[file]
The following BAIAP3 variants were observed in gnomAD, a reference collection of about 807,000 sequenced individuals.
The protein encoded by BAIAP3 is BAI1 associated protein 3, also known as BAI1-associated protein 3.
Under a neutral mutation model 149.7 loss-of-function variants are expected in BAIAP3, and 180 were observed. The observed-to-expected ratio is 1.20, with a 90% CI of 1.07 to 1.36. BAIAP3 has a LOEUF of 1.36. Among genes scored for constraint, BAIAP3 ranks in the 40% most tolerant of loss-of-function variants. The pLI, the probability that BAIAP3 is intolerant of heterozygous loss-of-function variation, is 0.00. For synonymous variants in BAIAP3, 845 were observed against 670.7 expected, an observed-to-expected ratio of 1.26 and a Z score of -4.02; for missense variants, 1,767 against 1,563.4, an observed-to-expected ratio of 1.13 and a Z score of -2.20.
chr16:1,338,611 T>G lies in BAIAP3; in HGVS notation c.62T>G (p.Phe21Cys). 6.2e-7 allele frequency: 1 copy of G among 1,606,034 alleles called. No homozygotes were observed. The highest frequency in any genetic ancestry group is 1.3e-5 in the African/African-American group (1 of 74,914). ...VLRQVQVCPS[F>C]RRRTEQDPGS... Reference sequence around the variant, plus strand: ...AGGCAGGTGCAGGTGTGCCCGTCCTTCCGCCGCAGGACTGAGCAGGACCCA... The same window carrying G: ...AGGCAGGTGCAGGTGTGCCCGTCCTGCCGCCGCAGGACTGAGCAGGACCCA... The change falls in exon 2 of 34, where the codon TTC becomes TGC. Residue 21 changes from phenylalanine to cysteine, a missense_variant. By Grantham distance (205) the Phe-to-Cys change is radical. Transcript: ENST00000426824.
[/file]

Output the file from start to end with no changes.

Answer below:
The following BAIAP3 variants were observed in gnomAD, a reference collection of about 807,000 sequenced individuals.
The protein encoded by BAIAP3 is BAI1 associated protein 3, also known as BAI1-associated protein 3.
Under a neutral mutation model 149.7 loss-of-function variants are expected in BAIAP3, and 180 were observed. The observed-to-expected ratio is 1.20, with a 90% CI of 1.07 to 1.36. BAIAP3 has a LOEUF of 1.36. Among genes scored for constraint, BAIAP3 ranks in the 40% most tolerant of loss-of-function variants. The pLI, the probability that BAIAP3 is intolerant of heterozygous loss-of-function variation, is 0.00. For synonymous variants in BAIAP3, 845 were observed against 670.7 expected, an observed-to-expected ratio of 1.26 and a Z score of -4.02; for missense variants, 1,767 against 1,563.4, an observed-to-expected ratio of 1.13 and a Z score of -2.20.
chr16:1,338,611 T>G lies in BAIAP3; in HGVS notation c.62T>G (p.Phe21Cys). 6.2e-7 allele frequency: 1 copy of G among 1,606,034 alleles called. No homozygotes were observed. The highest frequency in any genetic ancestry group is 1.3e-5 in the African/African-American group (1 of 74,914). ...VLRQVQVCPS[F>C]RRRTEQDPGS... Reference sequence around the variant, plus strand: ...AGGCAGGTGCAGGTGTGCCCGTCCTTCCGCCGCAGGACTGAGCAGGACCCA... The same window carrying G: ...AGGCAGGTGCAGGTGTGCCCGTCCTGCCGCCGCAGGACTGAGCAGGACCCA... The change falls in exon 2 of 34, where the codon TTC becomes TGC. Residue 21 changes from phenylalanine to cysteine, a missense_variant. By Grantham distance (205) the Phe-to-Cys change is radical. Transcript: ENST00000426824.